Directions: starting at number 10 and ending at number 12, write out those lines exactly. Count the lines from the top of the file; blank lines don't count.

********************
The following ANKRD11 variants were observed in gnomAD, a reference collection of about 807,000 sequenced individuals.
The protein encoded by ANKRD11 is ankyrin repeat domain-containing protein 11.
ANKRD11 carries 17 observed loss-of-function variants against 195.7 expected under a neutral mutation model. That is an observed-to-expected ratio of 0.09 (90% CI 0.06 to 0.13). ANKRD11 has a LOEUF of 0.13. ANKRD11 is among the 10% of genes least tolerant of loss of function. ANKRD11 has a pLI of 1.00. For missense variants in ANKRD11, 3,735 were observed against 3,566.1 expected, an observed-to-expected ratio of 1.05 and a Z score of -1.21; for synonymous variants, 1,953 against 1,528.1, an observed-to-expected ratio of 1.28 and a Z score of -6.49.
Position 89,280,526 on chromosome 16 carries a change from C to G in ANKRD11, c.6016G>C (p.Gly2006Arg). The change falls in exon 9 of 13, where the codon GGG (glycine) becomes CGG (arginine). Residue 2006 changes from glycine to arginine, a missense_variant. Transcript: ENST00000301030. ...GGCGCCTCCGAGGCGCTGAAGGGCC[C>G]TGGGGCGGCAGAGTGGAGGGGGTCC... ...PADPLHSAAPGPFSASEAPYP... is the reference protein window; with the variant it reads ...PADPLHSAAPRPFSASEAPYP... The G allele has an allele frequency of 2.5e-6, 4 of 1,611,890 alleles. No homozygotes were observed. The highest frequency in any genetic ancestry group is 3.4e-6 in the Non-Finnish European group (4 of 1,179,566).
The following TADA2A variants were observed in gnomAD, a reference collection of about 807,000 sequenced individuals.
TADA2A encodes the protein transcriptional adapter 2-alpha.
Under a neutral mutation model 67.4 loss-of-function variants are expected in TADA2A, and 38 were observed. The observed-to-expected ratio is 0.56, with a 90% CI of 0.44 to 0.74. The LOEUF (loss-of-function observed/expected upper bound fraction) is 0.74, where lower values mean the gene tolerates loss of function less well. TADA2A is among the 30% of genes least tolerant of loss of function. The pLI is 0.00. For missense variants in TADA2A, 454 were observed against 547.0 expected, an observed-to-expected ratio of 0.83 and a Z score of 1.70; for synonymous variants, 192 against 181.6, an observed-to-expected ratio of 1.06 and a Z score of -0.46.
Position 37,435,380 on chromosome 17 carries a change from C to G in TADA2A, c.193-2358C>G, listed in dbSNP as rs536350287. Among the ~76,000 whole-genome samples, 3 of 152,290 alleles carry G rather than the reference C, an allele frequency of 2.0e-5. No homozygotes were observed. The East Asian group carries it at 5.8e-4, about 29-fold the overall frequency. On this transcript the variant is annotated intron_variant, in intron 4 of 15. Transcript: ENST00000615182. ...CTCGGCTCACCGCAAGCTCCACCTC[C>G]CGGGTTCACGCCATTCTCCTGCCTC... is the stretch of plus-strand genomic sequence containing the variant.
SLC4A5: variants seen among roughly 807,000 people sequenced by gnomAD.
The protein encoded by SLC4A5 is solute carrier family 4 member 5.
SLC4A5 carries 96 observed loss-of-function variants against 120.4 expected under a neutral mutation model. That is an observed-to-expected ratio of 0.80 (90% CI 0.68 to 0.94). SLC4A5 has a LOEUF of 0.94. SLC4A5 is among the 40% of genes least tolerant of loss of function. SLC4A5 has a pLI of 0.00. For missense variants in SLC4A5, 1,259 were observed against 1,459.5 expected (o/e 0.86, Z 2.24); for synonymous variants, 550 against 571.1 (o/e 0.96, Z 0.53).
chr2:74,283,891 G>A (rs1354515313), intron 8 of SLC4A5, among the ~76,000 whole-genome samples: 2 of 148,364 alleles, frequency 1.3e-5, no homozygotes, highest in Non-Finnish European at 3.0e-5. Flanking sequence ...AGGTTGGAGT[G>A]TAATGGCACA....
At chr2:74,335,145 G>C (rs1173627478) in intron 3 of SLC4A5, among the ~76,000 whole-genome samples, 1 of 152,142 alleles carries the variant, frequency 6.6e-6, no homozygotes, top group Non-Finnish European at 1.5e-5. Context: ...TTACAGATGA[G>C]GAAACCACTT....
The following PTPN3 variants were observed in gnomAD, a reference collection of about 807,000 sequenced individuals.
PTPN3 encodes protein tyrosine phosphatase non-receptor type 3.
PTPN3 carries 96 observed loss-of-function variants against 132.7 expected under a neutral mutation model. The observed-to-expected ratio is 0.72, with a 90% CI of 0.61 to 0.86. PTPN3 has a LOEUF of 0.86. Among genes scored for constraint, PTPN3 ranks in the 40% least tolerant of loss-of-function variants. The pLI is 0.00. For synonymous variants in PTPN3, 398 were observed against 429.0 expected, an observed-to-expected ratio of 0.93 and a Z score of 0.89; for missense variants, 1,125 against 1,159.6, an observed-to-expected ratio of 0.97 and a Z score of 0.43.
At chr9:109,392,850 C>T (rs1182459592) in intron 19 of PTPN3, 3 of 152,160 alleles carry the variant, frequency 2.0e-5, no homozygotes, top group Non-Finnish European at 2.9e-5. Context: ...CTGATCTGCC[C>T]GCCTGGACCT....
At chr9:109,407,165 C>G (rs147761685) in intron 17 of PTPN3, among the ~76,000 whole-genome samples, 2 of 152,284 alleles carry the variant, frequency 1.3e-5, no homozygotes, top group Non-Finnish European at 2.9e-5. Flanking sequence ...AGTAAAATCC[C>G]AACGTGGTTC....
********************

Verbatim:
The protein encoded by SLC4A5 is solute carrier family 4 member 5.
SLC4A5 carries 96 observed loss-of-function variants against 120.4 expected under a neutral mutation model. That is an observed-to-expected ratio of 0.80 (90% CI 0.68 to 0.94). SLC4A5 has a LOEUF of 0.94. SLC4A5 is among the 40% of genes least tolerant of loss of function. SLC4A5 has a pLI of 0.00. For missense variants in SLC4A5, 1,259 were observed against 1,459.5 expected (o/e 0.86, Z 2.24); for synonymous variants, 550 against 571.1 (o/e 0.96, Z 0.53).
chr2:74,283,891 G>A (rs1354515313), intron 8 of SLC4A5, among the ~76,000 whole-genome samples: 2 of 148,364 alleles, frequency 1.3e-5, no homozygotes, highest in Non-Finnish European at 3.0e-5. Flanking sequence ...AGGTTGGAGT[G>A]TAATGGCACA....